The National Institute for Health and Clinical Excellence (NICE), UK, has issued draft guidance on DySIS Medical's cervical cancer screening product for public consultation.
The DySIS colposcopy employs photonics and computer assistance to quantify and map the acetowhitening process, providing clinicians with information to help identify pre-cancerous lesions.
The draft guidance also reported that the sensitivity of DySIS was found to be 77.4% in the subgroup of women referred to colposcopy with low-grade cytology, compared to 19.4% with conventional colposcopy.
In previous clinical trials, the colposcopy has been shown to considerably improve sensitivity in detecting cervical cancer in early stages, enabling clinicians to treat patients and prevent disease progression.
The NICE committee suggested the DySIS colposcopy is a cost-effective option for examining the uterine cervix in women referred for colposcopy, and should be considered in procurement plans when replacing colposcopy equipment.
DySIS Medical CEO Alastair Atkinson said an important feature of the report was the acknowledgement that DySIS delivers a better standard of care for women at a lower overall cost, which is supported by the company's observations in other key international markets.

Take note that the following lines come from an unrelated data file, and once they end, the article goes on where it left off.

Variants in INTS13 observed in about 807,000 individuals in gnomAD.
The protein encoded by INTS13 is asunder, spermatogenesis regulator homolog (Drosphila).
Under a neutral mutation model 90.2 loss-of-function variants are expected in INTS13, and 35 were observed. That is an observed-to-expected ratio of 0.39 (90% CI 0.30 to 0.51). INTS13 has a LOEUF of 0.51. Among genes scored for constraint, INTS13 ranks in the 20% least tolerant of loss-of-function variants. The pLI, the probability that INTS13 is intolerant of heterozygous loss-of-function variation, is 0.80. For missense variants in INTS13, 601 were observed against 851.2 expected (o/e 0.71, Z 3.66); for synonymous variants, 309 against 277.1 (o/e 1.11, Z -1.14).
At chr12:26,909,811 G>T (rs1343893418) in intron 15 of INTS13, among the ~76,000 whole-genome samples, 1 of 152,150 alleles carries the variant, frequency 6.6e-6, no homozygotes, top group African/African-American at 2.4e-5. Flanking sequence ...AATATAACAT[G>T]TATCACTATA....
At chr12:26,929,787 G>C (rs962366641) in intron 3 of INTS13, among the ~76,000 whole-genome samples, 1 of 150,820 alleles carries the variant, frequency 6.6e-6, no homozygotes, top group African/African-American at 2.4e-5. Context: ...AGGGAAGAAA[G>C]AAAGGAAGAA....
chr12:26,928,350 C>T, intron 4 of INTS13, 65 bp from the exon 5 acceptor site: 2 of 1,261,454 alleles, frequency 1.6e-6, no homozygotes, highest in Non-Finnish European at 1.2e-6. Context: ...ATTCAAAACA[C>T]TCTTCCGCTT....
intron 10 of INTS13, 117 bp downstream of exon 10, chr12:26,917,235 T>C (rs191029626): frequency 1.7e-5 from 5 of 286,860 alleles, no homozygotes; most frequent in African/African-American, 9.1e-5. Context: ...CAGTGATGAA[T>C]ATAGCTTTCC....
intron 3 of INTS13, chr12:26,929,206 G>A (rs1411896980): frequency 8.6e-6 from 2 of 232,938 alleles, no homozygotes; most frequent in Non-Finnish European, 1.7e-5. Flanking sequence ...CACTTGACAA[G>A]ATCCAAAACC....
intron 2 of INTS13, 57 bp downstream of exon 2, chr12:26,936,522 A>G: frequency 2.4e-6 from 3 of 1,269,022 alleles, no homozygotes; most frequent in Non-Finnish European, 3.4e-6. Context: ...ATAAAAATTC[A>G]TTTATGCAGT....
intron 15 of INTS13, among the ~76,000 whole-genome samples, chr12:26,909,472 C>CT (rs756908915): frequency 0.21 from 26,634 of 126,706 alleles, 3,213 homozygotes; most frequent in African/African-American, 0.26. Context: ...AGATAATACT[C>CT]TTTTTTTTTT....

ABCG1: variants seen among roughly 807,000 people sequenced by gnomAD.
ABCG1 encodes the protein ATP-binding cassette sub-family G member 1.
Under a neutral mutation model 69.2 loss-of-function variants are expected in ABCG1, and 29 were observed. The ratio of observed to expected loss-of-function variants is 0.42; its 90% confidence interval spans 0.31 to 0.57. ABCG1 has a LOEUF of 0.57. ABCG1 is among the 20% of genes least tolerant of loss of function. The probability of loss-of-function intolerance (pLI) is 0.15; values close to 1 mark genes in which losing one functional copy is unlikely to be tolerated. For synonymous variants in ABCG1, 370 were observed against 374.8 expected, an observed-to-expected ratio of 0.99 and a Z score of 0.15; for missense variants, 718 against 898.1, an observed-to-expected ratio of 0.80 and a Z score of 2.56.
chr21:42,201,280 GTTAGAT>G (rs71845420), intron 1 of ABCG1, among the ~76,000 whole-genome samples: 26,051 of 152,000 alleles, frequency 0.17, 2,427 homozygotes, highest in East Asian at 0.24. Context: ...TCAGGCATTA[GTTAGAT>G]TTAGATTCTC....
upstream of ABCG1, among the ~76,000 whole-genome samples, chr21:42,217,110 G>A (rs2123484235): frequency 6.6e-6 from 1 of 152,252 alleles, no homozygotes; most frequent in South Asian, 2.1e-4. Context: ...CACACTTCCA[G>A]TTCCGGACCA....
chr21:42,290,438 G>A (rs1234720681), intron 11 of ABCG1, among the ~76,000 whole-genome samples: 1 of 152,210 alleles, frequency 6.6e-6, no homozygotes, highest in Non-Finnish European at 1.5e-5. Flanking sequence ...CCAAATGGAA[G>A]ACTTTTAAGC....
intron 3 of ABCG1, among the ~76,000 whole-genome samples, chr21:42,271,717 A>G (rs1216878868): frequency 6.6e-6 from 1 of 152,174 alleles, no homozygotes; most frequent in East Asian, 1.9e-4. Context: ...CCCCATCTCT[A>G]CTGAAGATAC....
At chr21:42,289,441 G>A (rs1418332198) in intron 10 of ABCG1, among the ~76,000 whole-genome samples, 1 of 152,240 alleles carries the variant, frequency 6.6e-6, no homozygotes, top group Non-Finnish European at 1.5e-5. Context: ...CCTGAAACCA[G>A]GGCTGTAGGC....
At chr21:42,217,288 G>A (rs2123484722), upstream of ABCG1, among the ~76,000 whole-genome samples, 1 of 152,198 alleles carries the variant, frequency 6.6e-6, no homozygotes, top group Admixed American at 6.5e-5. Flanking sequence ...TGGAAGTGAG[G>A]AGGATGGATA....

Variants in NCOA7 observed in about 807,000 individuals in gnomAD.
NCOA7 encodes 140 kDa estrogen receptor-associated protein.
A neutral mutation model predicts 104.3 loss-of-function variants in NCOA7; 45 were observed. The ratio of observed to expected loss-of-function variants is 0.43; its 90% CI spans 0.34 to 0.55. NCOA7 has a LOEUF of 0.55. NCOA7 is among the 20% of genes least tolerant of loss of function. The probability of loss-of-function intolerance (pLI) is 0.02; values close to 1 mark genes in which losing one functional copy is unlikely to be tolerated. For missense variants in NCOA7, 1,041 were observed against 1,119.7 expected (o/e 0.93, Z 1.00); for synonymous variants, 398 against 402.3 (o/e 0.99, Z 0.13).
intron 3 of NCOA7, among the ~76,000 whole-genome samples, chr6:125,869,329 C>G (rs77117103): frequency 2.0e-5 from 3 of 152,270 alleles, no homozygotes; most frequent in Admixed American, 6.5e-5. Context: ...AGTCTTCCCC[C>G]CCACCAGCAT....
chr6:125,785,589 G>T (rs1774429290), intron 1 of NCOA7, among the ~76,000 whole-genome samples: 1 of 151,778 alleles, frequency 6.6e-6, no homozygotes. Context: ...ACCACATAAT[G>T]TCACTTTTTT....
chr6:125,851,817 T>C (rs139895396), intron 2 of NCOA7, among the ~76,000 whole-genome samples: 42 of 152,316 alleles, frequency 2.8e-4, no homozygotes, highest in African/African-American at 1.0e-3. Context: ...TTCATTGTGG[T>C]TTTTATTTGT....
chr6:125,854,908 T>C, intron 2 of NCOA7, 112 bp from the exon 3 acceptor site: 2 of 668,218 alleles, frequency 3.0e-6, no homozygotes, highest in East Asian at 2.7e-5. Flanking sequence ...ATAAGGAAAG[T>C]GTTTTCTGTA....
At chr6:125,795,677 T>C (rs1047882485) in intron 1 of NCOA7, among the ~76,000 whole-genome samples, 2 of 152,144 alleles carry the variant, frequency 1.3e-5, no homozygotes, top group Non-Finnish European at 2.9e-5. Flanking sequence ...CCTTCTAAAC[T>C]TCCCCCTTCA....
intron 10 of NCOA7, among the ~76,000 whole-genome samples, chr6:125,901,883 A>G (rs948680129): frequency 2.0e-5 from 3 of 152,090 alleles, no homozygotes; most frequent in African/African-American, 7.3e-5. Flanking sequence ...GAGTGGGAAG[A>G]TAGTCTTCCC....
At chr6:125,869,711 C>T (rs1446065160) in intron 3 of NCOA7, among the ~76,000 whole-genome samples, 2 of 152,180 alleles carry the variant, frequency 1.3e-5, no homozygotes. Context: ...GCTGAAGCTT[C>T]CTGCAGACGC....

Whittington Hospital Consultant Gynaecologist MRCOG Theresa Freeman Wang, who has been using DySIS, said the extra sensitivity DySIS delivers could be helpful in detecting the smaller pre-cancerous lesions which require treatment, and may assist in safely reducing the need for colposcopy follow-up appointments. The company's colposcopy is commercially available in Europe and the US.
Image: The colposcopy of DySIS has been granted positive draft guidance by NICE. Photo: DySIS Medical.